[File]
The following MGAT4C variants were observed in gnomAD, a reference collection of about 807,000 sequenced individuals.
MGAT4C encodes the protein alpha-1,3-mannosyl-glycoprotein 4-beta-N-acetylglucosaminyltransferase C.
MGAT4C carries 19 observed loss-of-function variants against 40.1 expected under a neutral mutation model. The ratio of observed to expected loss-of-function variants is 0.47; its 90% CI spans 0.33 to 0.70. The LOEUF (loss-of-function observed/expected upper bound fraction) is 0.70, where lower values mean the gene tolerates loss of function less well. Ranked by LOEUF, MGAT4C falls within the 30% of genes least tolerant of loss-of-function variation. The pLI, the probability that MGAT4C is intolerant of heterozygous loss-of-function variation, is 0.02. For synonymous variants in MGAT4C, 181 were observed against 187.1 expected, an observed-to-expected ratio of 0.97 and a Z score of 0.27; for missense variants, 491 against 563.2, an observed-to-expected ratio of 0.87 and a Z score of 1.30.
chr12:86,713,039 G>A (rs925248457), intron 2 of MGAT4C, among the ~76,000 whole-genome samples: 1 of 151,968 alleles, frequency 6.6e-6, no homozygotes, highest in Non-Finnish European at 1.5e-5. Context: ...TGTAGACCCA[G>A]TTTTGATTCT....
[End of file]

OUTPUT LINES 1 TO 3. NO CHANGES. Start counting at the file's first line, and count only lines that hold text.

The following MGAT4C variants were observed in gnomAD, a reference collection of about 807,000 sequenced individuals.
MGAT4C encodes the protein alpha-1,3-mannosyl-glycoprotein 4-beta-N-acetylglucosaminyltransferase C.
MGAT4C carries 19 observed loss-of-function variants against 40.1 expected under a neutral mutation model. The ratio of observed to expected loss-of-function variants is 0.47; its 90% CI spans 0.33 to 0.70. The LOEUF (loss-of-function observed/expected upper bound fraction) is 0.70, where lower values mean the gene tolerates loss of function less well. Ranked by LOEUF, MGAT4C falls within the 30% of genes least tolerant of loss-of-function variation. The pLI, the probability that MGAT4C is intolerant of heterozygous loss-of-function variation, is 0.02. For synonymous variants in MGAT4C, 181 were observed against 187.1 expected, an observed-to-expected ratio of 0.97 and a Z score of 0.27; for missense variants, 491 against 563.2, an observed-to-expected ratio of 0.87 and a Z score of 1.30.